In the past decade, 16 residents from the Mass Eye and Ear/Harvard Medical School Otolaryngology–Head and Neck Surgery (OHNS) Combined Residency Program have been awarded prestigious Centralized Otolaryngology Research Effort (CORE) grants by the American Academy of Otolaryngology–Head and Neck Surgery Foundation (AAO-HNSF). This past June, Roy Xiao, MD, a PGY-3 resident, became the latest resident to receive the grant.
Two pillars central to Mass Eye and Ear’s vision are conducting cutting-edge research and teaching tomorrow’s medical leaders. The Otolaryngology–Head and Neck Surgery (OHNS) Combined Residency Program has done an exceptional job of accomplishing both. After all, five months of residency are dedicated to research in a resident’s PGY-3 and PGY-4 years.
Focus caught up with Dr. Xiao, a PGY-3 resident in the program who is based inside the Berthiaume Surgical Photonics and Engineering Laboratory, to learn more about his recent CORE grant, his facial plastics and reconstructive surgery research, and his mentors and colleagues who helped prepare him for this award.
Why did you decide to apply for a CORE grant?
Before I began my residency, I told Stacey Gray, MD, director of the OHNS Combined Residency Program, that a goal of mine had always been to secure funding for research by the time I graduated. I wanted a CORE grant in particular. Each year, the AAO-HNSF offers CORE grants as a way to support residents hoping to secure funding for research.
During my PGY-2 year, I knew applying for the CORE grant was an opportunity I couldn’t afford to miss out on. I had plenty of expertise at my disposal. So many past recipients of the grant attended the Residency Program and were willing to meet and lend their advice. Fellow residents Alan Workman, MD, and Shekhar Gadkaree, MD, both of whom had received the grant in 2020, provided me with plenty of guidance throughout the process, as did countless other residents and faculty.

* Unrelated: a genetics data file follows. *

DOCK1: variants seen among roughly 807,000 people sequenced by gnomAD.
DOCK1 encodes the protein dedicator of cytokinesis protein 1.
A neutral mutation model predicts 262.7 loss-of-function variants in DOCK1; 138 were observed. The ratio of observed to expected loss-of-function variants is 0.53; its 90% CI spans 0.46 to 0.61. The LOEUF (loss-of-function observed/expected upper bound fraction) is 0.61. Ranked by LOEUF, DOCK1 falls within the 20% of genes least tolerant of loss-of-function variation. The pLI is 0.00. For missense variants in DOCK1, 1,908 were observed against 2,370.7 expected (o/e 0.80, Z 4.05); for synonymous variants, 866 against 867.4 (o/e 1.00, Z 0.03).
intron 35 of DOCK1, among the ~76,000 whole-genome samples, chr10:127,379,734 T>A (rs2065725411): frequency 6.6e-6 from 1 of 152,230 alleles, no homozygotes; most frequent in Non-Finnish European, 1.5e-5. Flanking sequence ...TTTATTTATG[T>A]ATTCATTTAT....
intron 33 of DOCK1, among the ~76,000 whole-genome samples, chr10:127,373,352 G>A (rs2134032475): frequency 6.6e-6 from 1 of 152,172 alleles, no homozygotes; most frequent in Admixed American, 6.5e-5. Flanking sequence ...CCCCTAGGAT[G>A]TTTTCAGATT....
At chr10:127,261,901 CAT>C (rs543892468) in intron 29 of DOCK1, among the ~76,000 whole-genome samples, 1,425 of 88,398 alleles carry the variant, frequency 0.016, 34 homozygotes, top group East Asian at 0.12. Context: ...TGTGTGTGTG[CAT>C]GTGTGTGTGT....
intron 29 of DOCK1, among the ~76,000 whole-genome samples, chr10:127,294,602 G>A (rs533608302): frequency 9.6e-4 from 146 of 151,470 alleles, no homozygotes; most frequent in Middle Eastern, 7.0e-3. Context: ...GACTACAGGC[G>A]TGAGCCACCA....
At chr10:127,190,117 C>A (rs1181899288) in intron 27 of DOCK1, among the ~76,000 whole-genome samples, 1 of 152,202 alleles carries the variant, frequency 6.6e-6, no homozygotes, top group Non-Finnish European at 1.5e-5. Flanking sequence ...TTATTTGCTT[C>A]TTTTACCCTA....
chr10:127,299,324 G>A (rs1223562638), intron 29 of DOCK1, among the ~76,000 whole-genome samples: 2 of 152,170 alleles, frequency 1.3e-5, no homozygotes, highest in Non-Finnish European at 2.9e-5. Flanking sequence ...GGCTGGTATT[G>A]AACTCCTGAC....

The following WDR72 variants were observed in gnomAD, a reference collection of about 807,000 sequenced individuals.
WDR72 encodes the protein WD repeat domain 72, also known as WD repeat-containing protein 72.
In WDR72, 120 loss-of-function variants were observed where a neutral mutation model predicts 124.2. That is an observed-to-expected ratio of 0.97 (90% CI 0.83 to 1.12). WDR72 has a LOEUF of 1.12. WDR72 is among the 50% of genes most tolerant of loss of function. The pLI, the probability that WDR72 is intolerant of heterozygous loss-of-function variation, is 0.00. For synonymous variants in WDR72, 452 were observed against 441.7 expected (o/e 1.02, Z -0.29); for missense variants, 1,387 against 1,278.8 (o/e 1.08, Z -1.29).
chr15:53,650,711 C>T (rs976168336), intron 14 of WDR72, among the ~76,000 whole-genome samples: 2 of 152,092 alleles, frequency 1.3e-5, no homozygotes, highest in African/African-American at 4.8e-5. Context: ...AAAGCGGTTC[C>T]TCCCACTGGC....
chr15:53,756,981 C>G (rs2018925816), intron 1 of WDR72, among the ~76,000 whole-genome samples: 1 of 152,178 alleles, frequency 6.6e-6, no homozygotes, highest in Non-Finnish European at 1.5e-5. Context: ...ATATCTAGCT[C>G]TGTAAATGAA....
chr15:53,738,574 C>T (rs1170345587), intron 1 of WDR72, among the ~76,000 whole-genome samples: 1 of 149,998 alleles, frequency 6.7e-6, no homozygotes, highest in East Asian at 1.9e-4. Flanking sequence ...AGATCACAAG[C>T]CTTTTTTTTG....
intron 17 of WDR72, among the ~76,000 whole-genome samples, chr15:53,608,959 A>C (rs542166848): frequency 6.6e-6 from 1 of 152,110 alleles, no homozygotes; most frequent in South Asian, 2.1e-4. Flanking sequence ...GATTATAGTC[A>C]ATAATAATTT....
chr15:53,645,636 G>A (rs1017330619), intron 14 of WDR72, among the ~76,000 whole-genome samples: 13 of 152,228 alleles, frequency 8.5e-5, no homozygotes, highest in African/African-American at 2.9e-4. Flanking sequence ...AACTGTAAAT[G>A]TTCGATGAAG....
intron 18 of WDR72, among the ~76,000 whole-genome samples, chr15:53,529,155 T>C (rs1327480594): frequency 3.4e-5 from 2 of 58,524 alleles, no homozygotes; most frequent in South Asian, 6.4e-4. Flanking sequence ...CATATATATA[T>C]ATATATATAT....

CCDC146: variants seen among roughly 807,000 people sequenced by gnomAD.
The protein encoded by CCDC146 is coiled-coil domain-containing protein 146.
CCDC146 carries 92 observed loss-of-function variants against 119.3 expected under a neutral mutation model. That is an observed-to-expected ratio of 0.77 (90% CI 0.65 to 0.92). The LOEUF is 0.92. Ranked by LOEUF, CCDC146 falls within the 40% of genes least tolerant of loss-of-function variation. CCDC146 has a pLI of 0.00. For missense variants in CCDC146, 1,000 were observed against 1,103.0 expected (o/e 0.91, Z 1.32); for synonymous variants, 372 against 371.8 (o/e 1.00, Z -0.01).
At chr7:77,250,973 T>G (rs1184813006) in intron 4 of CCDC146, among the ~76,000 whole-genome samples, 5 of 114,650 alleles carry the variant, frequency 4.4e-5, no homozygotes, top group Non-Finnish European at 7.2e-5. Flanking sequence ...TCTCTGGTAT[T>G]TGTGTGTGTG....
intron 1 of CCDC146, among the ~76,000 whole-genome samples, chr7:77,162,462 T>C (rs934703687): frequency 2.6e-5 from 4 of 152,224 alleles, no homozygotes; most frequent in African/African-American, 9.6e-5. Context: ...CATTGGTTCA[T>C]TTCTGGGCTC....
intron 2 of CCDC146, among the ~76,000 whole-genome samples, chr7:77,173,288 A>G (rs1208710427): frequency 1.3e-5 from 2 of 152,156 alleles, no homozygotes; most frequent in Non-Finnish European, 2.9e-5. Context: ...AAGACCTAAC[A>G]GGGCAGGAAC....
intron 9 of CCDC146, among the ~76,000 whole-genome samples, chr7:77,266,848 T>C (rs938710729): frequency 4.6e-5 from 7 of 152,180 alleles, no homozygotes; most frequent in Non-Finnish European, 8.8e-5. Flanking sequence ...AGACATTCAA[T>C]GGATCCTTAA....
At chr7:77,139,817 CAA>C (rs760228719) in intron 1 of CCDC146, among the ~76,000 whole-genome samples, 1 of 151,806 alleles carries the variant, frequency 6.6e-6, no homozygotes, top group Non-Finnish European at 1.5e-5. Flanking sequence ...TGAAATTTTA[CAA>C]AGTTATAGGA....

What are you hoping to accomplish through your CORE grant research?
My research is going to focus on motor end-to-side neurorrhaphy (ETSN), which is a common procedure used to restore facial movement.
Nerves can be connected either one of two ways: by joining the ends together, or by attaching the side of one with the end of another. The latter method, which is known as ETSN, is often performed on patients with peripheral motor nerve deficits, such as facial palsy, and helps support motor function. If a facial nerve isn’t working as it should, but there’s an established neural pathway in its place, you can supercharge the nerve by connecting the end of a donor nerve to its side.
While ETSN has been proven to restore muscle movements, doctors still don’t understand the method’s underlying mechanism. My proposed research will attempt to distinctly label and visualize regenerating axons in exquisite detail. This would allow us to understand how nerves connected in end-to-side fashion interact and yield muscle contractions. Our hope is to fill the knowledge gaps that remain from this procedure, which could lead to substantive changes in microsurgical nerve repair. This will continue to advance the lab’s work that has been made possible by generous donations from the Berthiaume Family.